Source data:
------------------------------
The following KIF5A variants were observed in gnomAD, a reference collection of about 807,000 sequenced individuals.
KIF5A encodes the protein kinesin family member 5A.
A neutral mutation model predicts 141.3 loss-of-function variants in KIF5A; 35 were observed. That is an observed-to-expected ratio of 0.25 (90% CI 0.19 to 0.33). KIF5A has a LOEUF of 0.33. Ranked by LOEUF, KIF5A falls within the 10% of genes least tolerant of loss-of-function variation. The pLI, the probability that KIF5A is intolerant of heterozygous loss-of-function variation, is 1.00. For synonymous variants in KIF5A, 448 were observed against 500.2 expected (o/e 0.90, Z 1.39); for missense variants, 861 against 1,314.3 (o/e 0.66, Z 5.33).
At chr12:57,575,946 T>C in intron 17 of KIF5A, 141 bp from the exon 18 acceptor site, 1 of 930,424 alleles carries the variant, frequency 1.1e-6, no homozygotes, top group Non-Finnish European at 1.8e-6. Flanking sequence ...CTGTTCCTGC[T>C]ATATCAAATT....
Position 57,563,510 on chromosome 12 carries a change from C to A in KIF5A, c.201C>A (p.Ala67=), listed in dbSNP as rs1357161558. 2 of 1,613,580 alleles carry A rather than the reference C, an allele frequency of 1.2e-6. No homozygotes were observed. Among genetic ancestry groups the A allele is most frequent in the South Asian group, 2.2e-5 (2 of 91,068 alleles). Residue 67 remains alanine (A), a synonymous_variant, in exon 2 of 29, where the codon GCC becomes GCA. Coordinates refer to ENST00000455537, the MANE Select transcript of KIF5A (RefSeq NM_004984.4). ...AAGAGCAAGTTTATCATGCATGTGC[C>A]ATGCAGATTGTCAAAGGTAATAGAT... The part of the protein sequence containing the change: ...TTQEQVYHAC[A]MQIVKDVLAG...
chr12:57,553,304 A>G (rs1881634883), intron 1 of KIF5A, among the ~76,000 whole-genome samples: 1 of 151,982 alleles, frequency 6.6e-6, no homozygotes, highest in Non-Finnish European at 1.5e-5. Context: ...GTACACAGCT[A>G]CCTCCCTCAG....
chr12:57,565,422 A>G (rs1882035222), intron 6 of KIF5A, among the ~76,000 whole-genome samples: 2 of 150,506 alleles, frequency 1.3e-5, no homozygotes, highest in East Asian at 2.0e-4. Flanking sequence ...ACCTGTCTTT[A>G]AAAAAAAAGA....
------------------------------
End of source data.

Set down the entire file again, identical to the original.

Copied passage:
The following KIF5A variants were observed in gnomAD, a reference collection of about 807,000 sequenced individuals.
KIF5A encodes the protein kinesin family member 5A.
A neutral mutation model predicts 141.3 loss-of-function variants in KIF5A; 35 were observed. That is an observed-to-expected ratio of 0.25 (90% CI 0.19 to 0.33). KIF5A has a LOEUF of 0.33. Ranked by LOEUF, KIF5A falls within the 10% of genes least tolerant of loss-of-function variation. The pLI, the probability that KIF5A is intolerant of heterozygous loss-of-function variation, is 1.00. For synonymous variants in KIF5A, 448 were observed against 500.2 expected (o/e 0.90, Z 1.39); for missense variants, 861 against 1,314.3 (o/e 0.66, Z 5.33).
At chr12:57,575,946 T>C in intron 17 of KIF5A, 141 bp from the exon 18 acceptor site, 1 of 930,424 alleles carries the variant, frequency 1.1e-6, no homozygotes, top group Non-Finnish European at 1.8e-6. Flanking sequence ...CTGTTCCTGC[T>C]ATATCAAATT....
Position 57,563,510 on chromosome 12 carries a change from C to A in KIF5A, c.201C>A (p.Ala67=), listed in dbSNP as rs1357161558. 2 of 1,613,580 alleles carry A rather than the reference C, an allele frequency of 1.2e-6. No homozygotes were observed. Among genetic ancestry groups the A allele is most frequent in the South Asian group, 2.2e-5 (2 of 91,068 alleles). Residue 67 remains alanine (A), a synonymous_variant, in exon 2 of 29, where the codon GCC becomes GCA. Coordinates refer to ENST00000455537, the MANE Select transcript of KIF5A (RefSeq NM_004984.4). ...AAGAGCAAGTTTATCATGCATGTGC[C>A]ATGCAGATTGTCAAAGGTAATAGAT... The part of the protein sequence containing the change: ...TTQEQVYHAC[A]MQIVKDVLAG...
chr12:57,553,304 A>G (rs1881634883), intron 1 of KIF5A, among the ~76,000 whole-genome samples: 1 of 151,982 alleles, frequency 6.6e-6, no homozygotes, highest in Non-Finnish European at 1.5e-5. Context: ...GTACACAGCT[A>G]CCTCCCTCAG....
chr12:57,565,422 A>G (rs1882035222), intron 6 of KIF5A, among the ~76,000 whole-genome samples: 2 of 150,506 alleles, frequency 1.3e-5, no homozygotes, highest in East Asian at 2.0e-4. Flanking sequence ...ACCTGTCTTT[A>G]AAAAAAAAGA....